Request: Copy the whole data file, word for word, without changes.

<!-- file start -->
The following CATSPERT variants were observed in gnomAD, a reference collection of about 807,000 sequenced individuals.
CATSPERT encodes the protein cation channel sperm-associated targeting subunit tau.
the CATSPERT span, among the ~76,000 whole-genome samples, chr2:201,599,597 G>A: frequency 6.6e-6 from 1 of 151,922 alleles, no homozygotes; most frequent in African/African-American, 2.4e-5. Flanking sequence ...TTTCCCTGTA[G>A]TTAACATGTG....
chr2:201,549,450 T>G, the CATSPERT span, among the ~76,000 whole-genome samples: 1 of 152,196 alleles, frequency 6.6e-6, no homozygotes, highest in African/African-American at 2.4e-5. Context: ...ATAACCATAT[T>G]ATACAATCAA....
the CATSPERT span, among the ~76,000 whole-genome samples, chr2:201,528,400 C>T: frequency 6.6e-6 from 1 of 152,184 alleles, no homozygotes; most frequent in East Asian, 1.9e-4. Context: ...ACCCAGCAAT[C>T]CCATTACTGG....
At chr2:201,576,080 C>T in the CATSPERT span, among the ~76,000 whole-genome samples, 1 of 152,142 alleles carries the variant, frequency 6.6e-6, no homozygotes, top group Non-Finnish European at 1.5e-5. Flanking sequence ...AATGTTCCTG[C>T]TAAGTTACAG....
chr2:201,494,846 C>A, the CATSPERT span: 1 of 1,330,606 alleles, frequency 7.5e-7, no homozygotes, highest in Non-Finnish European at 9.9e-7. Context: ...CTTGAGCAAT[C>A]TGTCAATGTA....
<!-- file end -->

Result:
The following CATSPERT variants were observed in gnomAD, a reference collection of about 807,000 sequenced individuals.
CATSPERT encodes the protein cation channel sperm-associated targeting subunit tau.
the CATSPERT span, among the ~76,000 whole-genome samples, chr2:201,599,597 G>A: frequency 6.6e-6 from 1 of 151,922 alleles, no homozygotes; most frequent in African/African-American, 2.4e-5. Flanking sequence ...TTTCCCTGTA[G>A]TTAACATGTG....
chr2:201,549,450 T>G, the CATSPERT span, among the ~76,000 whole-genome samples: 1 of 152,196 alleles, frequency 6.6e-6, no homozygotes, highest in African/African-American at 2.4e-5. Context: ...ATAACCATAT[T>G]ATACAATCAA....
the CATSPERT span, among the ~76,000 whole-genome samples, chr2:201,528,400 C>T: frequency 6.6e-6 from 1 of 152,184 alleles, no homozygotes; most frequent in East Asian, 1.9e-4. Context: ...ACCCAGCAAT[C>T]CCATTACTGG....
At chr2:201,576,080 C>T in the CATSPERT span, among the ~76,000 whole-genome samples, 1 of 152,142 alleles carries the variant, frequency 6.6e-6, no homozygotes, top group Non-Finnish European at 1.5e-5. Flanking sequence ...AATGTTCCTG[C>T]TAAGTTACAG....
chr2:201,494,846 C>A, the CATSPERT span: 1 of 1,330,606 alleles, frequency 7.5e-7, no homozygotes, highest in Non-Finnish European at 9.9e-7. Context: ...CTTGAGCAAT[C>A]TGTCAATGTA....